Guidelines Suggest Standardized Interpretation and Reporting of Somatic Sequence Variants
From - Diagnostic Testing & Emerging Technologies A constant refrain within the diagnostics industry is a need for standardization. Rapidly developing technology and testing methods, the call for interoperability, and the vast amount of … . . . read more
A common refrain within the diagnostics industry is a need for standardization. Rapidly developing technology and testing methods, the call for interoperability, and the vast amount of data and information producible via molecular testing makes this even more important. The capabilities of next generation sequencing have provided both opportunities and challenges as clinical laboratories interpret and report results of cancer-related sequencing tests.
Now, the Association for Molecular Pathology (AMP) has released guidelines developed by an industry working group that recommend standard classification, annotation, interpretation and reporting for somatic sequence variants in cancer. The AMP was joined in this effort by the American College of Medical Genetics and Genomics (ACMG), American Society of Clinical Oncology (ASCO), and College of American Pathologists (CAP).
“Cancer genomics is a rapidly evolving field so the clinical significance of any variant in therapy, diagnosis, or prognosis should be reevaluated on an ongoing basis by all of the key stakeholders,” said one working group member, Marina N. Nikiforova, MD, Professor of Pathology at University of Pittsburgh Medical Center, in a statement announcing the release of the guidelines. Nikiforova is also the 2016 AMP Clinical Practice Committee Chair and adds, “These new recommendations resulted from the successful ACMG, AMP and CAP efforts on germline variant interpretation and were additionally informed by the diverse perspectives expressed at the ASCO, AMP and CAP Genomic Roundtable stakeholder discussions.” The Guidelines will be published in the January 2017 issue of The Journal of Molecular Diagnostics but were released online by AMP in December.
To gain insight into the real world operations of varying laboratories, the working group solicited surveys from AMP members. The surveys focused on technical issues and reporting issues. They received 67 responses on technical issues and 44 for reporting issues. Survey responses revealed variation among NGS techniques used and the annotation and reporting of variants.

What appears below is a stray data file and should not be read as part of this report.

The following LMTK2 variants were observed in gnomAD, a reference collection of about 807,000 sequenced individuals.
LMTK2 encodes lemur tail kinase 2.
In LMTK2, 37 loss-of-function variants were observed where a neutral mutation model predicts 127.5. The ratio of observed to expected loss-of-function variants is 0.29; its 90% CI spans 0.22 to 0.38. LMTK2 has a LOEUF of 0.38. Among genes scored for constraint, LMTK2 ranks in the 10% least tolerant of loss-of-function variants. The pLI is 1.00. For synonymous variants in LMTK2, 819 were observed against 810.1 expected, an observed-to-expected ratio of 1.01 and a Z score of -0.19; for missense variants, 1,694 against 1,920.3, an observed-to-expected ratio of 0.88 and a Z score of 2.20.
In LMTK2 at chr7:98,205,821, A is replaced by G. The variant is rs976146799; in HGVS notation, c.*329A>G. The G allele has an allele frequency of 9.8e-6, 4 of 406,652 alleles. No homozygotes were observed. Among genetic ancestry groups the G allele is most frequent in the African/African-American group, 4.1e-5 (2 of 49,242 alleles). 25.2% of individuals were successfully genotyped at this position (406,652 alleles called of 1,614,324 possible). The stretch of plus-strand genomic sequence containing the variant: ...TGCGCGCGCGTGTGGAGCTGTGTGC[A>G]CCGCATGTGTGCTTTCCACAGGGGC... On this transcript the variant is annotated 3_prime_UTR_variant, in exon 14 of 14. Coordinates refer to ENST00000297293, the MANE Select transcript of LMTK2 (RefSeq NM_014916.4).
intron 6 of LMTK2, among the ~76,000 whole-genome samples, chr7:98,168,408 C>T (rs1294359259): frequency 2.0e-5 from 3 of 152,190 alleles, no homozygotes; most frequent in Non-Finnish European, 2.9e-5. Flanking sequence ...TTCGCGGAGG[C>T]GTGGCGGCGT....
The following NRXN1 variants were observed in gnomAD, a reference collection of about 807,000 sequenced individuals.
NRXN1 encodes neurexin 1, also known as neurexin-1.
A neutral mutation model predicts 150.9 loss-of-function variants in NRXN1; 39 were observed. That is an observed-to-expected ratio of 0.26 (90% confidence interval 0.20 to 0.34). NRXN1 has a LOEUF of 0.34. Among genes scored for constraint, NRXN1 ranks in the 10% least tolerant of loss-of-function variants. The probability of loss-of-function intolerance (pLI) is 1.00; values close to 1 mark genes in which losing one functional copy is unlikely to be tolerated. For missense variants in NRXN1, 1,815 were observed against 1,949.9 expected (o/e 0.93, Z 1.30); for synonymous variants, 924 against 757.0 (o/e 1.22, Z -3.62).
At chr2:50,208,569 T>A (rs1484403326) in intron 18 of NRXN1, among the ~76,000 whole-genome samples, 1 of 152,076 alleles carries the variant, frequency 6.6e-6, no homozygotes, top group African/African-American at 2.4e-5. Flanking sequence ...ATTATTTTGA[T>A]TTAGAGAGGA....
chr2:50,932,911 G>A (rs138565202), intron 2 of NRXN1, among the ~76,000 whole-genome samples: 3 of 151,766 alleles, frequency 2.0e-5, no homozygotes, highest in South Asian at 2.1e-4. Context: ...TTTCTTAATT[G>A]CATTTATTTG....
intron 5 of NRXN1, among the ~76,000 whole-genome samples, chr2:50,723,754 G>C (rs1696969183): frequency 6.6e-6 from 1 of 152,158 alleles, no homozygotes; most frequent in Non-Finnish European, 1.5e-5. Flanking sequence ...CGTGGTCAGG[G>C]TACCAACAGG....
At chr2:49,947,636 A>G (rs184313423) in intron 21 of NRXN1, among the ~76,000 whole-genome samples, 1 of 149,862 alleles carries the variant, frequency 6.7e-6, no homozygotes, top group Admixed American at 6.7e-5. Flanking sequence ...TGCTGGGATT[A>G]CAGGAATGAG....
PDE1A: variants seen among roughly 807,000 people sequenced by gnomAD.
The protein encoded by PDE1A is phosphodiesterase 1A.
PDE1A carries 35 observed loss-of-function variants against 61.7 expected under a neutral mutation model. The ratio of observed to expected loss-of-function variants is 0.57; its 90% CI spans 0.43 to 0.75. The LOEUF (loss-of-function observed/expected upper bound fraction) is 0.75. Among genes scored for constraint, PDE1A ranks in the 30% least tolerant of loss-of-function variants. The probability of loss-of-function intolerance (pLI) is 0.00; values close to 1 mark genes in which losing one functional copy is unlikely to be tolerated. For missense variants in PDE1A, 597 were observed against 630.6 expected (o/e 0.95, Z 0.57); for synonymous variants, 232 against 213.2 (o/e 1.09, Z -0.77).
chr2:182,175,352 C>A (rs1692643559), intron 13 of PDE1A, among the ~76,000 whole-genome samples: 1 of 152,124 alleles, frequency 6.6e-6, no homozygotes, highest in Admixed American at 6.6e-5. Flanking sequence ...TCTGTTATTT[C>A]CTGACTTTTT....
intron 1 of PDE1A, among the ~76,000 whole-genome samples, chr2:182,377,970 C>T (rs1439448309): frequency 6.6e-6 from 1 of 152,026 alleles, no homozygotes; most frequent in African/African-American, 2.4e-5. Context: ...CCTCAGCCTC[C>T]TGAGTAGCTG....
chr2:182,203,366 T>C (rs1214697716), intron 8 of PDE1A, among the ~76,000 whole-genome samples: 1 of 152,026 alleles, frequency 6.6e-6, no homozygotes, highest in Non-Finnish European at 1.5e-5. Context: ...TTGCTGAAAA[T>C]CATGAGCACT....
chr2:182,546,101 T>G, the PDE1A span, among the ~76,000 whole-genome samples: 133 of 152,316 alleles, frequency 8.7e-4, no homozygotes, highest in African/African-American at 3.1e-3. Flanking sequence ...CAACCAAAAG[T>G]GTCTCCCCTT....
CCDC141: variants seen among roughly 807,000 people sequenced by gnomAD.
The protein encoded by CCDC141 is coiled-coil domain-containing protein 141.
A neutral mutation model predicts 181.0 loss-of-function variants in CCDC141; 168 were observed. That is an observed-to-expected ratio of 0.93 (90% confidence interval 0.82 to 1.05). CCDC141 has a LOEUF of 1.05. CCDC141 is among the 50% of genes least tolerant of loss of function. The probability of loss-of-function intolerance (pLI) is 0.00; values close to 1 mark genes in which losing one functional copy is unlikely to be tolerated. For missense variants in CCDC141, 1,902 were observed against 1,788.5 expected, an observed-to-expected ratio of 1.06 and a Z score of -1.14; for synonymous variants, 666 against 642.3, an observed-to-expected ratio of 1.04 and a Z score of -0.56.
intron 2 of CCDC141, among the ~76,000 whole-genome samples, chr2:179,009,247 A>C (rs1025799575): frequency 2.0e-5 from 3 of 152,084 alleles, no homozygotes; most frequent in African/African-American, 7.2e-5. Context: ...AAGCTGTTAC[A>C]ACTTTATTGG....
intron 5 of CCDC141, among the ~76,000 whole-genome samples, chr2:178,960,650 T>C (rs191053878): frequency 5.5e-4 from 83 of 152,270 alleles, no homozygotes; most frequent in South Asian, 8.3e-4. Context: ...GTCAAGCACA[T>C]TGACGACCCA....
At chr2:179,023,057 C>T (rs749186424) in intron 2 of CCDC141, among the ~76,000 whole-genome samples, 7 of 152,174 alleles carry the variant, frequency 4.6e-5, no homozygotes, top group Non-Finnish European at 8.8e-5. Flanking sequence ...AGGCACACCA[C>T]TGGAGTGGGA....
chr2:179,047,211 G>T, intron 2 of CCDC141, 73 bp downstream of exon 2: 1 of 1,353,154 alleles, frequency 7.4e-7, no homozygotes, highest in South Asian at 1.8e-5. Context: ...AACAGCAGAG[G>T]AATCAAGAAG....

The U.S. Food and Drug Administration has similarly led industry-wide discussion of standards for NGS interpretation and reporting. Recognizing the vast amount of information that can be yielded from NGS, the difficulty in interpreting results of NGS testing and lack of evidence in some cases linking genetic variants to specific diseases a recent FDA workshop discussed how best to make use of the results of NGS testing—based on patient and provider preferences. The goal, the notice of the workshop announced, is “to learn, when results are generated in a CLIA-compliant laboratory, which results are of importance to patients and providers, how these results should be returned and how much and what types of evidence supporting interpretation of those results is necessary.”
Tiered classification system
The Guidelines share several recommendations for laboratories involved in such NGS variant testing for cancer. To categorize variants, the guidelines recommend using a tiered system that categorizes somatic variants according to their impact on clinical care—using “currently available evidence.”
- Tier I would be variants with strong clinical significance based on evidence regarding FDA approved therapy and “well-powered studies with consensus from experts in the field.”
- Tier II covers variants of potential clinical significance based on evidence from FDA approved treatments but for different tumor types or investigational therapies, small published studies having some consensus, and preclinical trials or case reports without consensus.
- Tier III includes variants of unknown clinical significance when there is no “convincing published evidence of cancer association” and the variant isn’t “observed at a significant allele frequency in the general or specific subpopulation databases, or pan-cancer or tumor-specific variant databases.”
- Tier IV is for benign or likely benign variants when there is a lack of published evidence of cancer association and the variant is “observed at significant allele frequency in the general or specific subpopulation databases.
For further discussion of the guidelines see the December 2016 issue of Diagnostic Testing & Emerging Technologies.